Speaker Spotlight: Matt Bush

WordCamp Cape Town Speaker Matt BushI am a web developer, and I almost exclusively use WordPress for the sites I build. I also studied music and have been playing music in one form or another since I was about 8 years old.

Session: How many drummers does it take to build a website?
Time: 16:15 – 16:40


Tell us more about how you became interested in WordPress, what about it drives your continued interest?

I discovered Joomla first and it instantly appealed to me. As someone who had maintained a HTML website with photo galleries in it years back, discovering CMSs was huge. At some point, I met Ashley from LightSpeed, and he turned me onto WordPress. I wasn’t convinced enough to ditch Joomla at first, and then I realised how easy it was to customise backend as well as front, and I haven’t looked back since. The more functions, hooks, filters and assorted tricks I learn, the more I realise I don’t know yet.

Why did you decide to speak at WordCamp Cape Town?

If the talk is a success, I will put it down to loving WordPress, and wanting to share my knowledge. If not, because Ashley Shaw made me do it.

What is your talk going to be about?

My talk is aimed at musicians, but can be applied by anyone. Its a primer on using WordPress as a promotion tool and a central hub for the various social media tools out there. There’s no need to re-invent the wheel, but it can be quite hard to keep track of your favourite artists when they are tweeting about their latest release, posting audio on Soundcloud, putting gigs on Facebook, selling CDs on Bandcamp, and posting pictures of their dinner on Instagram. With an installation of WordPress, a decent theme, and a few widgets, you can get it all in one place.

What is the one thing you want people to walk away with from your talk?

Nothing in particular, but hopefully a few bands will build some sites, make it big and employ me as a drum-tech when they tour the world.

What is your favourite WordPress theme and/or plugin, and why?

I always enjoy working with the Woo-themes “Canvas” framework, although it can be overkill for some clients. Contact Form 7 has always served me well as a really easy, free, contact form plugin, and the other day I discovered “Regenerate Thumbnails” and “Term Management Tools”, both of which saved me hours. The first by resizing all my thumbnails and the second by allowing me to quickly restructure a massive taxonomy. Anything that saves time like that is always a plus.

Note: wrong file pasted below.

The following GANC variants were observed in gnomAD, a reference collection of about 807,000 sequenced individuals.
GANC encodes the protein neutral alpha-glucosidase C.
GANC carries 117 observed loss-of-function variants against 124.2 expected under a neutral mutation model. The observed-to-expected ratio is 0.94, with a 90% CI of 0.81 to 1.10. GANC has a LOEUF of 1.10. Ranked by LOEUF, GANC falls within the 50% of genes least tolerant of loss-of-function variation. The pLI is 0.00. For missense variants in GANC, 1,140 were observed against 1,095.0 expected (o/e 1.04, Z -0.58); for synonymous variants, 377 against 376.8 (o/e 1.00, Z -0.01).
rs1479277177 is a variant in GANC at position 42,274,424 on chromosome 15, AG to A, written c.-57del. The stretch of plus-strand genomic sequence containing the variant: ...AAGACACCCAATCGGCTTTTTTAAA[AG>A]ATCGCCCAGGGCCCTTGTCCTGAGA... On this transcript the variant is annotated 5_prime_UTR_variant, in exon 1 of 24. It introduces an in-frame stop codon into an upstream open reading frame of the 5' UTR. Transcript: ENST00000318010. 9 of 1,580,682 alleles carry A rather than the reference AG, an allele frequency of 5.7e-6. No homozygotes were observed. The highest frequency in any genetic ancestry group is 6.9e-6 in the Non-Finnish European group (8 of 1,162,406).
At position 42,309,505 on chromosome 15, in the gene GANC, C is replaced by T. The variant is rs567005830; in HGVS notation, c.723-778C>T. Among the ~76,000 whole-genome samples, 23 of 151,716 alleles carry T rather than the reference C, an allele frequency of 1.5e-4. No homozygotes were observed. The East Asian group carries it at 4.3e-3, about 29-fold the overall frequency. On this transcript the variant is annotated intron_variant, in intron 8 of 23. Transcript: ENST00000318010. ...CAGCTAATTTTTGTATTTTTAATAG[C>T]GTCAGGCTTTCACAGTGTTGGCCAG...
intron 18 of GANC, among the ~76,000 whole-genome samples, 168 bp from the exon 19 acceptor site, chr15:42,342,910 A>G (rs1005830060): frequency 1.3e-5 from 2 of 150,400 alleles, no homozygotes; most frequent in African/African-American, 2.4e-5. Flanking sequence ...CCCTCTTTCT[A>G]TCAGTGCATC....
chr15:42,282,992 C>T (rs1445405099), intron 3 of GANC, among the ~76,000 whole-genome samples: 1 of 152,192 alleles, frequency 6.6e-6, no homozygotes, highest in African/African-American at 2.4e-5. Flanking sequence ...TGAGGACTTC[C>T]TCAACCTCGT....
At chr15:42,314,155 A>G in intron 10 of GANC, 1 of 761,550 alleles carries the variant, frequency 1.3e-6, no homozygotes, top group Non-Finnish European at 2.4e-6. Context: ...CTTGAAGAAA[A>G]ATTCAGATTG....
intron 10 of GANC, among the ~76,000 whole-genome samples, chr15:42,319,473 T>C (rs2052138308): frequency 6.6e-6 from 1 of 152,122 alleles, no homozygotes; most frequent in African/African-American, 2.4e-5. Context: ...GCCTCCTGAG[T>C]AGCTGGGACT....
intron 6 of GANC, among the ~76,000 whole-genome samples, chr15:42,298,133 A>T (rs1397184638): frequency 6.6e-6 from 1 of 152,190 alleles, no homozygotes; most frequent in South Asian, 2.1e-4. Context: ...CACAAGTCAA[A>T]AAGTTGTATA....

Can you share one WP tip with us?

If you check out my blog: http://www.haycroftmedia.com/blog or follow Haycroft Media on Twitter http://twitter.com/haycroftmedia/ I’ll share more than one!

What are you most looking forward to at WordCamp Cape Town 2012?

Everybody else’s talks. I’ve learned far more from working with other developers than I have from working alone. I expect to learn loads more from hearing other WP developers talk.

Do you make money from wordpress?

Yes, and I pay tax so its safe to admit it!

Is WordPress an effective platform for getting your message across?

WordPress is one of the best platforms out there for getting your message across whether that be reviews, property listings, portofilos, celeb gossip or simply posting pictures of cats doing funny things.

You’ve recently developed the WP-E-COMMERCE ADVANCED PRODUCT IMPORTER PLUGIN. What has been the main takeaway for you of this experience?

There is a special place in heaven for plugin developers who release regularly (no idea when I will have time to do the next release). At least one person who downloads a plugin is not going to be happy. Nobody reads the readme.txt (I still don’t).

Are there any projects that you have recently been involved in that have gotten you excited?

Most projects I work on excite me to a degree, but its fair to say that the projects that are music related or require a large amount of complex code and problem-solving are the ones that really push my buttons.

From the music perspective, I work for Elastic Artists on a monthly basis. We recently relauched their site (using WP as a platform of course): http://www.elasticartists.net/ I’m into at least 40-50% of the acts they represent so I’m half fanboy half coder when I work with them (and I’ve scored more than my fair share of free music along the way). The theme was built from the bottom up, there are various custom-plugins that interact with their internal booking system and various other tricks.

On a local level, I developed http://mynameisfletcher.com/ for African Dope legend Fletcher (aka DJ Dope). He wanted a central hub for all his bits and pieces so his site has had a big influence on my talk. I also built http://www.mrsakitumiandthegrrrl.com/ for audio-visual geniuses Mr Sakitumi and The Grrrl, and I made a few sites for some chap called Waddy Jones years ago.

This entry was posted in Interviews, Speakers and tagged , , , , , , . Bookmark the permalink.

Comments are closed.